Phillip W. Magness

U.S. Economic & Political History

Philanthropy and the Great Depression: what historical tax records tell us about charity

| May 19, 2017

As part of my ongoing investigation into early 20th century tax policy, I recently compiled a data series to track patterns in charitable giving during the 1920s and 1930s. As a result of tax code changes in 1917, the IRS began allowing federal income tax payers to deduct up to 15% of their taxable income […]

Different Measurements of Income Inequality – the interwar Wisconsin Example

| May 16, 2017

I have a new paper, co-written with Vincent Geloso, on the measurement of inequality in Wisconsin between 1919 and 1941. The discussion’s geography may initially seem obscure, but there’s a method to this investigation. In the early part of the 20th century Wisconsin had a stable state income tax system and, more importantly, generated high quality […]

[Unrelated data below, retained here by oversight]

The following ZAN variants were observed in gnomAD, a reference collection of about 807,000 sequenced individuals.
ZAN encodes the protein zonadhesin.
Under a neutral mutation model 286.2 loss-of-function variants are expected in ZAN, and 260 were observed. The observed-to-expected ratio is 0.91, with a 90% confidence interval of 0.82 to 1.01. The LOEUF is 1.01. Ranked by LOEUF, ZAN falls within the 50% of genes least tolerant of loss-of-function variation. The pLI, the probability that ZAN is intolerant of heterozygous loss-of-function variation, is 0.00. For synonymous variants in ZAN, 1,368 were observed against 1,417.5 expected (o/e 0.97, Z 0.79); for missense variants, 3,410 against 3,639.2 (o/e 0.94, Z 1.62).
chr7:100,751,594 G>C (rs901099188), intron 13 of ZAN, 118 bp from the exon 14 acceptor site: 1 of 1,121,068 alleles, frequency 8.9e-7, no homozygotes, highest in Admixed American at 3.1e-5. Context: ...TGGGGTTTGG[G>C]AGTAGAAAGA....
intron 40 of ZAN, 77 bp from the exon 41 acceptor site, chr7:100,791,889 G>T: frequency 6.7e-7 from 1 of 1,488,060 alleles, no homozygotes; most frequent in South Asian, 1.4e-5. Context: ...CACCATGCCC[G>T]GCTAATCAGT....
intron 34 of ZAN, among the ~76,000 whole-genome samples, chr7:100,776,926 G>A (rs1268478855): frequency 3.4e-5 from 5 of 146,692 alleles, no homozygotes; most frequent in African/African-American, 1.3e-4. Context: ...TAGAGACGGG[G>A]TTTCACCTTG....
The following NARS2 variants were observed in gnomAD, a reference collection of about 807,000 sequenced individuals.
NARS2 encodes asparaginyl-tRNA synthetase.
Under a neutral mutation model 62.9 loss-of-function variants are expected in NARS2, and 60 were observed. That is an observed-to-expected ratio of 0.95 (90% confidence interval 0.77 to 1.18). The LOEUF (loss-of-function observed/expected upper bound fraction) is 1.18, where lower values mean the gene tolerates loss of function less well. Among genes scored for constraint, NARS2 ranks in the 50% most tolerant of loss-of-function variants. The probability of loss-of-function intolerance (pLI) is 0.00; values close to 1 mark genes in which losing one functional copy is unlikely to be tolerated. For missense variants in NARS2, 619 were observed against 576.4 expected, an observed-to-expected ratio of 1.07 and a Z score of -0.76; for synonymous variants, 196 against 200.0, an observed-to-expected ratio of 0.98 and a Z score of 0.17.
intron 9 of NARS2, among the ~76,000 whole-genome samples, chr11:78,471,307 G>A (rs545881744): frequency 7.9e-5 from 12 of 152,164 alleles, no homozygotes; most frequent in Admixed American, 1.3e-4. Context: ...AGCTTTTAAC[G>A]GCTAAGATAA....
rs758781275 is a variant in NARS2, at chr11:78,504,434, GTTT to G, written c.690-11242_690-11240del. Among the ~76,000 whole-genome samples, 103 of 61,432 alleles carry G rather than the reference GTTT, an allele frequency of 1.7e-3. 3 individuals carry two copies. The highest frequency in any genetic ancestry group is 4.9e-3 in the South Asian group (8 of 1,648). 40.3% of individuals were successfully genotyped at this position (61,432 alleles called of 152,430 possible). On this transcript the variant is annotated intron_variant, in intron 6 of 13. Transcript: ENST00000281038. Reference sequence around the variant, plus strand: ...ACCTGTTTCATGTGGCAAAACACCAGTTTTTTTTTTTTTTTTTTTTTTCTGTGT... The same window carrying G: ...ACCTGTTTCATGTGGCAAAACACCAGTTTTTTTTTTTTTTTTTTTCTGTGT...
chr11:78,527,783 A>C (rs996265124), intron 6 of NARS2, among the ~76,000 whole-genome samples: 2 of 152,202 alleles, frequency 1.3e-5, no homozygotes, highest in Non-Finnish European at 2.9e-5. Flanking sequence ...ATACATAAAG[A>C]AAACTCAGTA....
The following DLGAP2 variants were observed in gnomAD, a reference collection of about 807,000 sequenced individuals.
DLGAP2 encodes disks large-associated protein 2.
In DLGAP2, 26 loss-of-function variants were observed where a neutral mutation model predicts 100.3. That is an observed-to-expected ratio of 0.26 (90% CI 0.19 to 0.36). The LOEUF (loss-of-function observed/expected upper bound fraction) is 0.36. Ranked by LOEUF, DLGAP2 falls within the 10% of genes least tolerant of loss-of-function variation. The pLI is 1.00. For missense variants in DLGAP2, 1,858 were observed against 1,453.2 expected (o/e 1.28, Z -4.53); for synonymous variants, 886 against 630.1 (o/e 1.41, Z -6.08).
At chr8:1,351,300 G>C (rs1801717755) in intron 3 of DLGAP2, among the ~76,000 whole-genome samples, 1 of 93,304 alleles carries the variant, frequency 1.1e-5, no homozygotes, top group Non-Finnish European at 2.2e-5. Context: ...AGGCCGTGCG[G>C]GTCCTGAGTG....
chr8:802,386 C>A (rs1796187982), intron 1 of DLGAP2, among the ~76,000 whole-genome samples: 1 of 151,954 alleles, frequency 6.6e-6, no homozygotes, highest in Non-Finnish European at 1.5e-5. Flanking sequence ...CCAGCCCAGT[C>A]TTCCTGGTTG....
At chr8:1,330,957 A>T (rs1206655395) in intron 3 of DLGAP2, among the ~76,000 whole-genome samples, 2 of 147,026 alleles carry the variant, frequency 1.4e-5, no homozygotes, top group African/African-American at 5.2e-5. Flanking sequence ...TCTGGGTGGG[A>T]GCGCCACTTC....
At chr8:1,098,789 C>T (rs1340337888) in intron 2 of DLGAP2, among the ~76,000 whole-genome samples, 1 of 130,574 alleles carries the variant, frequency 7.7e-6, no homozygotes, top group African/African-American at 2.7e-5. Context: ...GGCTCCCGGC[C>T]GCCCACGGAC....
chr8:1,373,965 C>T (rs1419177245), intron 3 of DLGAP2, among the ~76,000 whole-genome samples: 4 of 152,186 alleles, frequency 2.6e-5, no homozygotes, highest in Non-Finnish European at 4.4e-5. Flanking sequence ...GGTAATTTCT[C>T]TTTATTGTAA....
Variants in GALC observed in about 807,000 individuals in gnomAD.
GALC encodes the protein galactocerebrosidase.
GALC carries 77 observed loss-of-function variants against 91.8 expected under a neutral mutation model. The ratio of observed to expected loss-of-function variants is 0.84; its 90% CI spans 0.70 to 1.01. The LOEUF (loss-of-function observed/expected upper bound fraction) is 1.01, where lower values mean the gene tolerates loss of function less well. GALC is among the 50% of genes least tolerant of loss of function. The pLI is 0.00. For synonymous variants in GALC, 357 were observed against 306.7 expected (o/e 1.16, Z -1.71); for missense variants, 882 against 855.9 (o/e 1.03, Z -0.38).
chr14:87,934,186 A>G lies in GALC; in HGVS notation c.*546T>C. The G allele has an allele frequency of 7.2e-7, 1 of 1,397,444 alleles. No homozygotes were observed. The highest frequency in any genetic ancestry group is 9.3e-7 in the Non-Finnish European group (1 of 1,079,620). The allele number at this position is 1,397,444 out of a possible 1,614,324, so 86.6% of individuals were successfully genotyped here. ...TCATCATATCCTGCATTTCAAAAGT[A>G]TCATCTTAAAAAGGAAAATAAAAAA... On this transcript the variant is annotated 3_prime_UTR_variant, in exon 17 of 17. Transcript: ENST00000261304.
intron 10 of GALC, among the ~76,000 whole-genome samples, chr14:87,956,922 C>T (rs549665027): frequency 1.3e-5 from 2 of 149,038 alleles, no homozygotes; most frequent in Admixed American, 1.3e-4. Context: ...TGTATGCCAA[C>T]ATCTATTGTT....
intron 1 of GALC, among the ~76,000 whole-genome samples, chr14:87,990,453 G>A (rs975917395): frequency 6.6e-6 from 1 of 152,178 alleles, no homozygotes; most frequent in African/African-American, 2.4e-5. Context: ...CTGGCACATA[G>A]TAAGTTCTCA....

Are the “inequality” charts simply tracking tax code changes?

| September 7, 2016

The main historical argument made by inequality scholars such as Thomas Piketty, Emmanuel Saez, and Gabriel Zucman asserts that the income and wealth distributions of the United States follow a U-shaped pattern across the past 100 years. According to this narrative, the century began at very high levels of inequality. Intervening events such as the adoption […]

Fed economists attempt to piketty their own U.S. inequality data

| December 26, 2015

Earlier this month the St. Louis Federal Reserve published a new briefing paper by economists William R. Emmons and Lowell B. Ricketts, in which they claimed to find recent evidence of the growing inequality trends predicted in Thomas Piketty’s Capital in the 21st Century. As asserted in the Fed paper: “Data from the Federal Reserve’s Survey of Consumer Finances […]